In this week’s video, Tim covers 3 things you might not know about saving for college.
Can unused 529 account funds be used to pay off student loans?
Can you roll a 529 plan into a Roth IRA?
And what type of 529 plan should you use to build up that college savings fund?
Tim answers those questions and more! Be sure to check it out and find out some interesting information you might not have been aware of.
3 Things You Didn’t Know About Saving For College – Full Transcript
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Tim Mullooly: In episode 299, we’re going to talk about what you don’t know about saving for college.
Tim Mullooly: Welcome back to the Mullooly Asset Show. I’m your host for this episode, Tim Mullooly. This is episode number 299. We’re closing in on 300 pretty quick. Thanks for tuning in. So today we wanted to talk about three different points that you guys might not know about saving for college.
Specifically, we wanted to talk about 529 plans.
So the first point that I wanted to bring up is that because of the SECURE Act in 2019, unused funds in a 529 plan can be used to repay the beneficiary’s student loan debt. Up to $10,000 can come out of the account if they’re not used for qualified tuition expenses or anything that a 529 plan can pay for.
If there’s leftover money, up to $10,000 can be taken out tax-free to repay the beneficiary’s student loan debt. And we all know how big of a problem student loan debt is for a lot of people.
Tim Mullooly: The thing is, majority of the people in the country have a very small amount of student loan debt. So an extra $10,000 that you might have in a 529 plan, that could wipe out a lot of the debt for a lot of people in the country. So something to consider if you have leftover money in a 529 plan.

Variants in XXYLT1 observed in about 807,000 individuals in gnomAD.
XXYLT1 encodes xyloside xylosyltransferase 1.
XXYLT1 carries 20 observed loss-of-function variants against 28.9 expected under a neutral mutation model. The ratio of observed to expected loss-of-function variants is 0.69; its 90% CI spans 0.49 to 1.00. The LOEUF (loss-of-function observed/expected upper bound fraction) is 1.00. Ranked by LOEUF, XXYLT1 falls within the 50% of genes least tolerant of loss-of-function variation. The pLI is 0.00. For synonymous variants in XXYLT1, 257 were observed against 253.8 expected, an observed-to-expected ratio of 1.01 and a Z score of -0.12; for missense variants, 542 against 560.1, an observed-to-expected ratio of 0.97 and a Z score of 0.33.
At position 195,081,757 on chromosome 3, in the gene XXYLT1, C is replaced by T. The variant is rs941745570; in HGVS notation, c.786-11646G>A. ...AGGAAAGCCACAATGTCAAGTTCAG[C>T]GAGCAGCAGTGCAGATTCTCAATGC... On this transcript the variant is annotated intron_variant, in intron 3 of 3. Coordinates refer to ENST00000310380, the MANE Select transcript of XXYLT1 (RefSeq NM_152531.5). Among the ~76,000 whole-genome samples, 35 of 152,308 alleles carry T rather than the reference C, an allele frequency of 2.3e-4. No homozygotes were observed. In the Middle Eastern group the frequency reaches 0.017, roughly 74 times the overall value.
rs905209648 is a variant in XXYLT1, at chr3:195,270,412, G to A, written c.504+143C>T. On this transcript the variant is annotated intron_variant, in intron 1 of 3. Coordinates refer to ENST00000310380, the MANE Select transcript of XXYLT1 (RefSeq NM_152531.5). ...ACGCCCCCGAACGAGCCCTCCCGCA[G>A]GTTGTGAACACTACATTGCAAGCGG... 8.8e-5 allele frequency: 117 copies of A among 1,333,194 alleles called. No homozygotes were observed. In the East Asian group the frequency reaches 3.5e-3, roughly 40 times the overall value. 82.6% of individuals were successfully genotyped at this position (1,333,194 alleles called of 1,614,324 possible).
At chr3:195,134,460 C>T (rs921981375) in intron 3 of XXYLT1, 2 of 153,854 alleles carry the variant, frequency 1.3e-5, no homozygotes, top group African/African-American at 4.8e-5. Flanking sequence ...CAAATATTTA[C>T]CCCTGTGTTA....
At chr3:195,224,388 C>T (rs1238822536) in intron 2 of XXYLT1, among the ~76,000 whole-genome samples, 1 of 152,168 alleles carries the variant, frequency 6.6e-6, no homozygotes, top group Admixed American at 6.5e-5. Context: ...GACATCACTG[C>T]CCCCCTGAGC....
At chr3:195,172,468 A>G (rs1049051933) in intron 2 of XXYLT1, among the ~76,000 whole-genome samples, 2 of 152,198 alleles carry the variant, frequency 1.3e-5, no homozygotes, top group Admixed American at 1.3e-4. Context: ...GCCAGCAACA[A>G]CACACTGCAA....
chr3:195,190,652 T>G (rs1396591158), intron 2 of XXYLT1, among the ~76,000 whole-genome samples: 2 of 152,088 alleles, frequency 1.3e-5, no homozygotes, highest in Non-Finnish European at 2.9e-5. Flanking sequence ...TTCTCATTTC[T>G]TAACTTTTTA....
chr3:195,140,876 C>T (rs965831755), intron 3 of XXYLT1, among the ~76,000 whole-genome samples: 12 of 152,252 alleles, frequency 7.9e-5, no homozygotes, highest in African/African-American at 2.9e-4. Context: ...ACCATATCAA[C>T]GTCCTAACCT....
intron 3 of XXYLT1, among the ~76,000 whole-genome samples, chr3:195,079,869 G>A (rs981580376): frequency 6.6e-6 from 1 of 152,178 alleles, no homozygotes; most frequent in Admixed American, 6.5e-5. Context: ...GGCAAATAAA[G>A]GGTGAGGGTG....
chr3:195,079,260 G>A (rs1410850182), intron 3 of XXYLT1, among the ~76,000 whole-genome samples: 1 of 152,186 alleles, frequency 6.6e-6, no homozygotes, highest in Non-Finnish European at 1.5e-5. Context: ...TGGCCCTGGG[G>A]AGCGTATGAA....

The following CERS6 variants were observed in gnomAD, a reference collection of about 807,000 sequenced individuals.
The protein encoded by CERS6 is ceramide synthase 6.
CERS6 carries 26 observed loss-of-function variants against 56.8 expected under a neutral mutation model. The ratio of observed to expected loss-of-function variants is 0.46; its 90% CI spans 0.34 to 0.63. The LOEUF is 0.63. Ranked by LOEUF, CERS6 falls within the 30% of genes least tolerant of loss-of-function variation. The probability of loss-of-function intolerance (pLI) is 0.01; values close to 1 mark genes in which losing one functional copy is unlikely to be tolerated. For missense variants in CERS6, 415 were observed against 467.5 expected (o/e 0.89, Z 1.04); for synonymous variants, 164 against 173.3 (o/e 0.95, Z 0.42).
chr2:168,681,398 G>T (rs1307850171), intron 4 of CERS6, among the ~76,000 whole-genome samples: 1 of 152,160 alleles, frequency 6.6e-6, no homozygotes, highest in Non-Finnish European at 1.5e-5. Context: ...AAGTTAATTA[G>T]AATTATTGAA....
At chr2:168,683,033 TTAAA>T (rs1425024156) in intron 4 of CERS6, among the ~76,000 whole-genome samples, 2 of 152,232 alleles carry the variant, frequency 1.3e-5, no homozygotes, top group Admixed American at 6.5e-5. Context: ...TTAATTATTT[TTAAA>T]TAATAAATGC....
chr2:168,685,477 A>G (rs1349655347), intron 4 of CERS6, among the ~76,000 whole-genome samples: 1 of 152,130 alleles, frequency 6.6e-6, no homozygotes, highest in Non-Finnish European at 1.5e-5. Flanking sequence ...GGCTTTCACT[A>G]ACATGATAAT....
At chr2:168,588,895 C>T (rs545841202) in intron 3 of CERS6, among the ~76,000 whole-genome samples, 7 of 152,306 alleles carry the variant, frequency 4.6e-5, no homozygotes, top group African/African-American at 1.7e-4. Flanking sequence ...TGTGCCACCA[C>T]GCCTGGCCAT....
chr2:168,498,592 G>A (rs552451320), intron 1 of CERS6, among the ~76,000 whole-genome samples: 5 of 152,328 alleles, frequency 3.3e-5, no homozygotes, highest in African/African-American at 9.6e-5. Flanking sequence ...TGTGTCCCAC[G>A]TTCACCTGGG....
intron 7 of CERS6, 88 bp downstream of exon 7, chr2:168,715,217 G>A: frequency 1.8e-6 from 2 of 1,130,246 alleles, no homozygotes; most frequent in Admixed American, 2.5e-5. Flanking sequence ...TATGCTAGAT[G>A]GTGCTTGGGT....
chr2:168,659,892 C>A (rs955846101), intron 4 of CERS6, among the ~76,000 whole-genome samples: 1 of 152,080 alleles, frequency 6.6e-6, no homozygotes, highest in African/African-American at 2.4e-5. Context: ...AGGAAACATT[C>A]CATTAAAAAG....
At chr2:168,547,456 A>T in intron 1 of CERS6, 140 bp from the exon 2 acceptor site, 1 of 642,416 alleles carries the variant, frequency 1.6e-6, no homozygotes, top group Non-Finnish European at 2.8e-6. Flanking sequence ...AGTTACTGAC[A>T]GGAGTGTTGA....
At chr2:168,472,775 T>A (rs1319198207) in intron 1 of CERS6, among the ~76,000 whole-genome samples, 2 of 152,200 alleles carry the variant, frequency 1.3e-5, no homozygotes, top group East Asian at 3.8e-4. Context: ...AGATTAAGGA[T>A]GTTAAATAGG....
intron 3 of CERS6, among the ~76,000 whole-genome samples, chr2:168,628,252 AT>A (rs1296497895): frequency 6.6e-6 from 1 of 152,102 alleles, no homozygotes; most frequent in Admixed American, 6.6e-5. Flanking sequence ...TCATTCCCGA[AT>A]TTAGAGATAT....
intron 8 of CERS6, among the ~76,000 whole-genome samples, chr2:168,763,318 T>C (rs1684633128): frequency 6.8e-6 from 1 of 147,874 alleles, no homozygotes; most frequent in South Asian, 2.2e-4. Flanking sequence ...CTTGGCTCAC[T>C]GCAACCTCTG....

The second point that we wanted to talk about today is that in April, there was new legislation proposed. It’s called the Helping Parents Save for College Act.
And what that does is that it would allow unused 529 funds to be, under limited circumstances, to be rolled into a Roth IRA.
That would help people jumpstart their savings for retirement if the college portion of their life is over, they don’t need it for the education side of things anymore. There are a limited circumstances where you’d be able to transfer that money into a Roth IRA.
Tim Mullooly: There aren’t many details about this out right now, because it’s just proposed legislation. This doesn’t mean that it’s going to pass or that it’s definitely going to come into effect. But two things that I saw in an article, which we’ll link to, is that the account needs to be open for 10 years before you can roll the money.
And the money in the account needs to have been in the account for five years before it can be eligible to be rolled over. And I’m sure there’s going to be a ton of other limitations so that people don’t take advantage of this.
Because the contribution limits for Roth IRAs aren’t very high, so if you could potentially think about backdooring it through a 529 plan, I’m sure there’s a million different ways that people would try and utilize this to their advantage. But again, we don’t have all the details, something that could be coming in the future.
Tim Mullooly: And the third point is actually a pretty basic point about 529 plans.
I wrote a post over on my blog called Living With Money a few weeks ago, and it just outlines the two different types of 529 plans.
What is best way to save for college?
The first and the more popular one is the college savings plan. So when people say the word 529 plan, most people think of the college savings plan version of the 529 plan, but there is another version called the prepaid tuition plan. And that is more specific.
If you know what school you’re going to go to, you can prepay your tuition in today’s dollars and lock in your price, so to speak, for college down the road, when the child or the beneficiary is ready to go to school.
Tim Mullooly: Like I said, if you know the school that your child will be attending for sure, this could be a good option because we all know college costs rise every year. So it could be smart to prepay some of that tuition now so you don’t have to pay more for it in the future. But I don’t know how many people know for sure that my kid is going to this school or this school specifically. So that’s why they tend to be less popular. But there are two different options when you’re considering 529 plans.
Tim Mullooly: So there’s a lot to know about 529 plans, what you can and can’t use the money for and proposed changes that might be coming in the future and the different types of plans that are out there. We just wanted to touch on these three points in this video for you today. Next video will be episode 300, big milestone for the show. Thanks for tuning in to episode 299. We’ll see you next time.